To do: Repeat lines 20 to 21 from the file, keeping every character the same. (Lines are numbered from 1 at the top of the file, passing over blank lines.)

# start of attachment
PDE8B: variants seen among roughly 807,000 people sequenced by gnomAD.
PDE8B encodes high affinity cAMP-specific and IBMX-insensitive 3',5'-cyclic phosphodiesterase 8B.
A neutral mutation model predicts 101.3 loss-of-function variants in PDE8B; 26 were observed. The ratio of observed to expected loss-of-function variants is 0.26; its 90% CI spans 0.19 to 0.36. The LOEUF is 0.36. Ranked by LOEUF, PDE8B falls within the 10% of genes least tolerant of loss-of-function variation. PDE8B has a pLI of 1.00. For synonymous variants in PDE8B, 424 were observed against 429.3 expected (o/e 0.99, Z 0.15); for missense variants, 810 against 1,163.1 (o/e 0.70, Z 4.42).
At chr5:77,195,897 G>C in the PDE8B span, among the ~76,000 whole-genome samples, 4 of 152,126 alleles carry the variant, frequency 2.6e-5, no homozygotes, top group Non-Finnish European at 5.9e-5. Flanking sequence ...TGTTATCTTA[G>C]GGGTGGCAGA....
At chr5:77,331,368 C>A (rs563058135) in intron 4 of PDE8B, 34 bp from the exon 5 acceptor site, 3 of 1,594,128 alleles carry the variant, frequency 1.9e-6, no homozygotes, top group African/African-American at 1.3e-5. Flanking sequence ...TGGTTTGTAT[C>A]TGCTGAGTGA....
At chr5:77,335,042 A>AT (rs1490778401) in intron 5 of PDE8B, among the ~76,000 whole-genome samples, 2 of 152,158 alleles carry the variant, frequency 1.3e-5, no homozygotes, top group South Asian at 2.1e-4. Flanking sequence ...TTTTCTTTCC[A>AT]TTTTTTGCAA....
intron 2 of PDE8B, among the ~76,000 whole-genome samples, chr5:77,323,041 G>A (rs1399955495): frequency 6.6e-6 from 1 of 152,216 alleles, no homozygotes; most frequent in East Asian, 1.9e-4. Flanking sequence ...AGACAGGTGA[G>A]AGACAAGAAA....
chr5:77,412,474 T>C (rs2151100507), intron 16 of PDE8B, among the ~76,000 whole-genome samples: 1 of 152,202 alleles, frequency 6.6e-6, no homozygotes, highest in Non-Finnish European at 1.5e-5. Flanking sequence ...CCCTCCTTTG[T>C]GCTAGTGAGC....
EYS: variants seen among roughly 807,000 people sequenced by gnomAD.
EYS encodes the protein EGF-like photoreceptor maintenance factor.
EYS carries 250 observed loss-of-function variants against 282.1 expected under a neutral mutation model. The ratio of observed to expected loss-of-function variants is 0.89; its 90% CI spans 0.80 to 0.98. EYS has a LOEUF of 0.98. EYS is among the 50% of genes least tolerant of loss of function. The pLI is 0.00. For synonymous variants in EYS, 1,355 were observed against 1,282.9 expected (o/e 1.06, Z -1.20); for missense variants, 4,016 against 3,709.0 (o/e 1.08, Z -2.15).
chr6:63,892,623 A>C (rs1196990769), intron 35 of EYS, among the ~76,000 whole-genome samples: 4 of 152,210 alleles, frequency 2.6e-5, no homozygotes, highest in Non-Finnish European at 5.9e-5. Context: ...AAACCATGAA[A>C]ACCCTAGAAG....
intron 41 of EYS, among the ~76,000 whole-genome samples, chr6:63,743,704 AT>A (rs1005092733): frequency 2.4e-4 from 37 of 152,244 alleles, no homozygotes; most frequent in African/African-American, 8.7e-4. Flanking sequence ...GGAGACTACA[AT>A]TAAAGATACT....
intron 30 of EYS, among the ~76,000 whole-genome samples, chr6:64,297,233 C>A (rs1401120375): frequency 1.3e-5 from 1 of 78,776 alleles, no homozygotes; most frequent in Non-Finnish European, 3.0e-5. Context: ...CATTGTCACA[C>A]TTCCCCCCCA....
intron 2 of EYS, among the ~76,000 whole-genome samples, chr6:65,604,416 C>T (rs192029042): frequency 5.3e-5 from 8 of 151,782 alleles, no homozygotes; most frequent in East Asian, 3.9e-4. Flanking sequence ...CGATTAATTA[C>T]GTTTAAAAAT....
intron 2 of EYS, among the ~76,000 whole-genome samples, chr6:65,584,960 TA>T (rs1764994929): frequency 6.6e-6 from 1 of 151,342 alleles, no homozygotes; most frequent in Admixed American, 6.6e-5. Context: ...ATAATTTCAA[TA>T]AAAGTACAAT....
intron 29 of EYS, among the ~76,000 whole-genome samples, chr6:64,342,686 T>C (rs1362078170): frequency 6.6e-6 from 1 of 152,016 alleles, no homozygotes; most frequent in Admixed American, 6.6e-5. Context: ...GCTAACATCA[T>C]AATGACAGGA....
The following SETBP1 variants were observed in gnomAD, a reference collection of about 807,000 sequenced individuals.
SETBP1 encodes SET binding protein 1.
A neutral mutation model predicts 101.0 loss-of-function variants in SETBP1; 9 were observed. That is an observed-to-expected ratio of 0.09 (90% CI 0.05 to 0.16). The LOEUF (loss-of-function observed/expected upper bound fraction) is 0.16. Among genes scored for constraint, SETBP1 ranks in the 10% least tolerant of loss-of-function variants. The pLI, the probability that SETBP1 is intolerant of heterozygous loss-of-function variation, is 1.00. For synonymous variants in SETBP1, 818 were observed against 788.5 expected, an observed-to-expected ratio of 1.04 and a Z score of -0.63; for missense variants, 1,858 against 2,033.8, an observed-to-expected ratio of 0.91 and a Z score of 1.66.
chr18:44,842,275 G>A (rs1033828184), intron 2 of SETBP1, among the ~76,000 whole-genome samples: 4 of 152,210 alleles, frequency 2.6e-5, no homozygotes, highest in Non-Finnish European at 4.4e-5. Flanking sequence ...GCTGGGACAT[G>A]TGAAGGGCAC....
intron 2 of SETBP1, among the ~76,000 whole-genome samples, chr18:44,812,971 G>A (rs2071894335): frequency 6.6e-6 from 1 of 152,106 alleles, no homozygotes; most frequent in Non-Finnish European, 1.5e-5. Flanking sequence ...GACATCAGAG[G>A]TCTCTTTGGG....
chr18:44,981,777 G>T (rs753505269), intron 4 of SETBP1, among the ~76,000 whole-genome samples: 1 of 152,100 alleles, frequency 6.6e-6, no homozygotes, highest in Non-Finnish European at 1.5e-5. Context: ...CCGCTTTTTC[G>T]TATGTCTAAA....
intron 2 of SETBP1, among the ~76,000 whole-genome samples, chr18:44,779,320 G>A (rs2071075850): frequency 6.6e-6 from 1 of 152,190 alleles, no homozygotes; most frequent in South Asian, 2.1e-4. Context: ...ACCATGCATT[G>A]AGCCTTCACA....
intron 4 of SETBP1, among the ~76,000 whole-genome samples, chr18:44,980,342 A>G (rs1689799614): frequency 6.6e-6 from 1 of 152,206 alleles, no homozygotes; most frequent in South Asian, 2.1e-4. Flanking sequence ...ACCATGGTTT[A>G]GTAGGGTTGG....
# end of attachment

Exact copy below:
A neutral mutation model predicts 101.0 loss-of-function variants in SETBP1; 9 were observed. That is an observed-to-expected ratio of 0.09 (90% CI 0.05 to 0.16). The LOEUF (loss-of-function observed/expected upper bound fraction) is 0.16. Among genes scored for constraint, SETBP1 ranks in the 10% least tolerant of loss-of-function variants. The pLI, the probability that SETBP1 is intolerant of heterozygous loss-of-function variation, is 1.00. For synonymous variants in SETBP1, 818 were observed against 788.5 expected, an observed-to-expected ratio of 1.04 and a Z score of -0.63; for missense variants, 1,858 against 2,033.8, an observed-to-expected ratio of 0.91 and a Z score of 1.66.
chr18:44,842,275 G>A (rs1033828184), intron 2 of SETBP1, among the ~76,000 whole-genome samples: 4 of 152,210 alleles, frequency 2.6e-5, no homozygotes, highest in Non-Finnish European at 4.4e-5. Flanking sequence ...GCTGGGACAT[G>A]TGAAGGGCAC....